Industries become highly regulated where failure has significant consequences. Sectors like healthcare, education, and finance are not subject to the same risk calculation as a retail store. In such industries where the impact is higher, new technologies are harder to integrate, particularly when the output of such technologies is not well understood nor explainable.
Currently, few financial regulators have a strong understanding of the mechanisms of AI or ML or what the implications of their use could be. This lack of understanding and perceived absence of thorough testing remain obstacles to more prolific implementation.
When Microsoft’s AI chatbot Tay was released on Twitter, it was shut down after 16 hours of interacting with other users as its tweets had become racist, demonstrating the potential impact of human bias in training data. If AI systems are to be used in situations where they may have a material impact on people’s lives such as providing someone access to finance, blocking a transaction or closing an account, any such bias is unacceptable.
Financial regulators rightly expect institutions to be able to justify the reasons for decisions and actions. This requirement further enhances the complexity of the situation, as AI systems typically produce results and decisions that are not always easily explained or untangled. Unsurprisingly, this opacity has limited the use of ML and AI in such domains, and has meant that some of the best technologies have remained under-utilized in the fight against money laundering and financial crime.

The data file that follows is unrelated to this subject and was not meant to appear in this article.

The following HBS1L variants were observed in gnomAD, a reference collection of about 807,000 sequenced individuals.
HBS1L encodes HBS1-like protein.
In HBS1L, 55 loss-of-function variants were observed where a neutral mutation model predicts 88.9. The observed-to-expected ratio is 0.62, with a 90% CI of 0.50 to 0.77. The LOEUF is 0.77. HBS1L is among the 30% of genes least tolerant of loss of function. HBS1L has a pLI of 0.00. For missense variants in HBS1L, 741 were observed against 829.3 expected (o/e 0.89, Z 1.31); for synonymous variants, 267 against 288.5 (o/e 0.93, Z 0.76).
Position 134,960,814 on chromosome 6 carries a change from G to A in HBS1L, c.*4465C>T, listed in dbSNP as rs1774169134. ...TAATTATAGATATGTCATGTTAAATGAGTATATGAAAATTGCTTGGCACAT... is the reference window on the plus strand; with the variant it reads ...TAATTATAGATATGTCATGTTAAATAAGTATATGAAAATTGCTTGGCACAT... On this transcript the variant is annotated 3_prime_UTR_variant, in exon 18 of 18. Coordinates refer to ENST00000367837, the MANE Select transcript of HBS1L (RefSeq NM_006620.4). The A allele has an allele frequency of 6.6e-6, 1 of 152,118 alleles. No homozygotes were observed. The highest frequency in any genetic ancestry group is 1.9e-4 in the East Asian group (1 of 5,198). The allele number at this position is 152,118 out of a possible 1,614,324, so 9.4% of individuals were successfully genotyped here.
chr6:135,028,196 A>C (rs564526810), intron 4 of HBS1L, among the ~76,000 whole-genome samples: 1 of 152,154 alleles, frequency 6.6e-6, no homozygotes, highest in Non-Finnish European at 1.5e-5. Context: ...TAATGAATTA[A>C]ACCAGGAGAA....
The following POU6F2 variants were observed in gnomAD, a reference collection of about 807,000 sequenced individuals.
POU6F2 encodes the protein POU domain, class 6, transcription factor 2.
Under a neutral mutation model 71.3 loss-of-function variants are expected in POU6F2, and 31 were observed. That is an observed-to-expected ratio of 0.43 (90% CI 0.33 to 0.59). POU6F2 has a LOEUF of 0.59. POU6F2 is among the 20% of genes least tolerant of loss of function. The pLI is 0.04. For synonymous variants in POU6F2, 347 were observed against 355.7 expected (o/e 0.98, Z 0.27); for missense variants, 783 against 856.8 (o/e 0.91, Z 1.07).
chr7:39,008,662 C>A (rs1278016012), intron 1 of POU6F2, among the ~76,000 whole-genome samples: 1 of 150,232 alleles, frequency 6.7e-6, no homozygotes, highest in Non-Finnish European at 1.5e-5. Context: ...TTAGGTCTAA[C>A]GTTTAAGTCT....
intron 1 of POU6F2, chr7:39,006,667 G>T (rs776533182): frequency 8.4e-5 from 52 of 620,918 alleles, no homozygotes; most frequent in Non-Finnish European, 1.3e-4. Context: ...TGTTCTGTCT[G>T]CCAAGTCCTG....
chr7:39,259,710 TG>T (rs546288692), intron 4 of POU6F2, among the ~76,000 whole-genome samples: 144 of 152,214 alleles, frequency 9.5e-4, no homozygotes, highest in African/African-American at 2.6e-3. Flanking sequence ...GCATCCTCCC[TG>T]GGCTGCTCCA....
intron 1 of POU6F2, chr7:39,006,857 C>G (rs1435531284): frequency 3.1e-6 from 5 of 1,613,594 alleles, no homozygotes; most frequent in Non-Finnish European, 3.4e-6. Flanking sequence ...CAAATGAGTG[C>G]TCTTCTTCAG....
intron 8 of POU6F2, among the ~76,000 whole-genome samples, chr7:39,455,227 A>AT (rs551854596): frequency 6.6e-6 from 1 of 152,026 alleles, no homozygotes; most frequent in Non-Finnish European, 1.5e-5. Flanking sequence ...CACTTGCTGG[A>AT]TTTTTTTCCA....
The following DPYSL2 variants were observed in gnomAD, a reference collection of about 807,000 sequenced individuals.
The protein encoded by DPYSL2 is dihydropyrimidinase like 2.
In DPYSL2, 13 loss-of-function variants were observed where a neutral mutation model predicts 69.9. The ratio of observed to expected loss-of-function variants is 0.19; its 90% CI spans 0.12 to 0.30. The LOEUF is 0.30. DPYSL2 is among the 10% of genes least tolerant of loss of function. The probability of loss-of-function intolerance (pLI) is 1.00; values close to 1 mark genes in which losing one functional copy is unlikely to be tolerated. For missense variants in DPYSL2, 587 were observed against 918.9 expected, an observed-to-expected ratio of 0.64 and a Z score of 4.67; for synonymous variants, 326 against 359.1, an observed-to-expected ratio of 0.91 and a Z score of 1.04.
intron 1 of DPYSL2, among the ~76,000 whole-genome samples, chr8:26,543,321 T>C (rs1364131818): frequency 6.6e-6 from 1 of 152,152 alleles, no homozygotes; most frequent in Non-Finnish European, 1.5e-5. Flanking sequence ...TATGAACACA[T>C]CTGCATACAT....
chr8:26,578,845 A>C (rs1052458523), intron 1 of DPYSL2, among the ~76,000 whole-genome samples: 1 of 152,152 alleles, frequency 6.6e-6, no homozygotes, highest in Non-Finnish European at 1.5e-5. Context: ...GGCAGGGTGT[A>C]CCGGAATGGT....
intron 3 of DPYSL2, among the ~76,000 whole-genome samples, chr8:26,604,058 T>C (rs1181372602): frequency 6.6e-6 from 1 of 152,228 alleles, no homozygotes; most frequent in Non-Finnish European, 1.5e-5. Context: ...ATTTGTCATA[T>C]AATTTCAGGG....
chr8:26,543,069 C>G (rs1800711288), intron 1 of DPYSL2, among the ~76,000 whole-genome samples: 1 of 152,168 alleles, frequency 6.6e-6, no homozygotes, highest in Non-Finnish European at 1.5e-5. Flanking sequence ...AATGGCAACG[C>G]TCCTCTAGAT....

The Financial Conduct Authority (FCA) in the UK has been actively engaging with private industry as well as research institutions to investigate potential uses of ML in the detection and prevention of money laundering. In May 2018 they conducted a TechSprint and recently concluded “Data Science Week” which included discussion on how AI is changing the work of regulators.
The Monetary Authority of Singapore (MAS) is developing a guide to promote the responsible and ethical use of AI and data analytics by Financial Institutions (FIs) and, in November 2017, announced a 27 million dollar grant to support this. In September 2018, the Financial Action Task Force (FATF) held a forum with regulators and private industry to discuss the possible uses of new technology in the regulation of cryptocurrencies, identification of individuals and companies, and information sharing. AI and ML were raised during many of the panels. Each of these initiatives is expected to produce further output in the near future.